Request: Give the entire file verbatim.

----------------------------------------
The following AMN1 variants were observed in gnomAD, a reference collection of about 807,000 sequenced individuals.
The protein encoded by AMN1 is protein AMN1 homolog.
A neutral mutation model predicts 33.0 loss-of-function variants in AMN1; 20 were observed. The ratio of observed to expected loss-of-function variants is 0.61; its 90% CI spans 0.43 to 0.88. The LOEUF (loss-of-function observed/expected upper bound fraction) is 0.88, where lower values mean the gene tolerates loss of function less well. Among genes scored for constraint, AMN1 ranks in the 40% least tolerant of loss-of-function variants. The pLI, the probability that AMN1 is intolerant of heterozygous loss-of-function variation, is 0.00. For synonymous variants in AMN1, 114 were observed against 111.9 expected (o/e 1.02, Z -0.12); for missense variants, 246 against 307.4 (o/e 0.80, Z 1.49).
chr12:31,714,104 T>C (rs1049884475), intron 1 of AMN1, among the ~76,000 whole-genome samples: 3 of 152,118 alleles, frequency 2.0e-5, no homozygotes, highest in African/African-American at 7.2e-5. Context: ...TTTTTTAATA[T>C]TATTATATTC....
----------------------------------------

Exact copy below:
The following AMN1 variants were observed in gnomAD, a reference collection of about 807,000 sequenced individuals.
The protein encoded by AMN1 is protein AMN1 homolog.
A neutral mutation model predicts 33.0 loss-of-function variants in AMN1; 20 were observed. The ratio of observed to expected loss-of-function variants is 0.61; its 90% CI spans 0.43 to 0.88. The LOEUF (loss-of-function observed/expected upper bound fraction) is 0.88, where lower values mean the gene tolerates loss of function less well. Among genes scored for constraint, AMN1 ranks in the 40% least tolerant of loss-of-function variants. The pLI, the probability that AMN1 is intolerant of heterozygous loss-of-function variation, is 0.00. For synonymous variants in AMN1, 114 were observed against 111.9 expected (o/e 1.02, Z -0.12); for missense variants, 246 against 307.4 (o/e 0.80, Z 1.49).
chr12:31,714,104 T>C (rs1049884475), intron 1 of AMN1, among the ~76,000 whole-genome samples: 3 of 152,118 alleles, frequency 2.0e-5, no homozygotes, highest in African/African-American at 7.2e-5. Context: ...TTTTTTAATA[T>C]TATTATATTC....